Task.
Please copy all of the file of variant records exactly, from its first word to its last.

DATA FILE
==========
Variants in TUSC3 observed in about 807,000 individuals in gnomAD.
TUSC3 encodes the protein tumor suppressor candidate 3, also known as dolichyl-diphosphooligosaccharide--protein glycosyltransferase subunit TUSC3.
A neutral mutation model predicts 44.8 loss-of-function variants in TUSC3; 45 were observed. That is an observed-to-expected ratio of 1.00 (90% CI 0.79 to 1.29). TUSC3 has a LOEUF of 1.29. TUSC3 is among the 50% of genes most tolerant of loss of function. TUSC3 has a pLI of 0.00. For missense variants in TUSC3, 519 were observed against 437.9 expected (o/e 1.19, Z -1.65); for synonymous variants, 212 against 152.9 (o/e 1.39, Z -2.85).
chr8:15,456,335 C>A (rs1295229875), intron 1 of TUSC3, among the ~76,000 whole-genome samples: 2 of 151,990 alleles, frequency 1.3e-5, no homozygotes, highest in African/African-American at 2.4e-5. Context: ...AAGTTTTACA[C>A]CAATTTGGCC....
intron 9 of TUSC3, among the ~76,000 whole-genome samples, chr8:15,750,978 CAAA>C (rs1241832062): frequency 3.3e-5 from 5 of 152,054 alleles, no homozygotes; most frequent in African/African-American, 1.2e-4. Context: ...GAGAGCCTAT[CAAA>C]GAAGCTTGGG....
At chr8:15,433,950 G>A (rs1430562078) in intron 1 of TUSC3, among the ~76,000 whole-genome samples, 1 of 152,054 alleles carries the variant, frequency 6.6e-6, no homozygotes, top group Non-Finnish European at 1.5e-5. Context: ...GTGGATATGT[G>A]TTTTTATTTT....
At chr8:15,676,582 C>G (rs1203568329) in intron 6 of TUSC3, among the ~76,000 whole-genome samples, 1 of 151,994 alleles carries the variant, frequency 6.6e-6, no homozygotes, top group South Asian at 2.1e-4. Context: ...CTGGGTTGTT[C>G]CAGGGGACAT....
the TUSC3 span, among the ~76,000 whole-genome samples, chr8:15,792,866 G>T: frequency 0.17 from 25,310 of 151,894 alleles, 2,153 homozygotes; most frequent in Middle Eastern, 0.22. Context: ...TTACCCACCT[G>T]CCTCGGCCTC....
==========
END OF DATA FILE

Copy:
Variants in TUSC3 observed in about 807,000 individuals in gnomAD.
TUSC3 encodes the protein tumor suppressor candidate 3, also known as dolichyl-diphosphooligosaccharide--protein glycosyltransferase subunit TUSC3.
A neutral mutation model predicts 44.8 loss-of-function variants in TUSC3; 45 were observed. That is an observed-to-expected ratio of 1.00 (90% CI 0.79 to 1.29). TUSC3 has a LOEUF of 1.29. TUSC3 is among the 50% of genes most tolerant of loss of function. TUSC3 has a pLI of 0.00. For missense variants in TUSC3, 519 were observed against 437.9 expected (o/e 1.19, Z -1.65); for synonymous variants, 212 against 152.9 (o/e 1.39, Z -2.85).
chr8:15,456,335 C>A (rs1295229875), intron 1 of TUSC3, among the ~76,000 whole-genome samples: 2 of 151,990 alleles, frequency 1.3e-5, no homozygotes, highest in African/African-American at 2.4e-5. Context: ...AAGTTTTACA[C>A]CAATTTGGCC....
intron 9 of TUSC3, among the ~76,000 whole-genome samples, chr8:15,750,978 CAAA>C (rs1241832062): frequency 3.3e-5 from 5 of 152,054 alleles, no homozygotes; most frequent in African/African-American, 1.2e-4. Context: ...GAGAGCCTAT[CAAA>C]GAAGCTTGGG....
At chr8:15,433,950 G>A (rs1430562078) in intron 1 of TUSC3, among the ~76,000 whole-genome samples, 1 of 152,054 alleles carries the variant, frequency 6.6e-6, no homozygotes, top group Non-Finnish European at 1.5e-5. Context: ...GTGGATATGT[G>A]TTTTTATTTT....
At chr8:15,676,582 C>G (rs1203568329) in intron 6 of TUSC3, among the ~76,000 whole-genome samples, 1 of 151,994 alleles carries the variant, frequency 6.6e-6, no homozygotes, top group South Asian at 2.1e-4. Context: ...CTGGGTTGTT[C>G]CAGGGGACAT....
the TUSC3 span, among the ~76,000 whole-genome samples, chr8:15,792,866 G>T: frequency 0.17 from 25,310 of 151,894 alleles, 2,153 homozygotes; most frequent in Middle Eastern, 0.22. Context: ...TTACCCACCT[G>T]CCTCGGCCTC....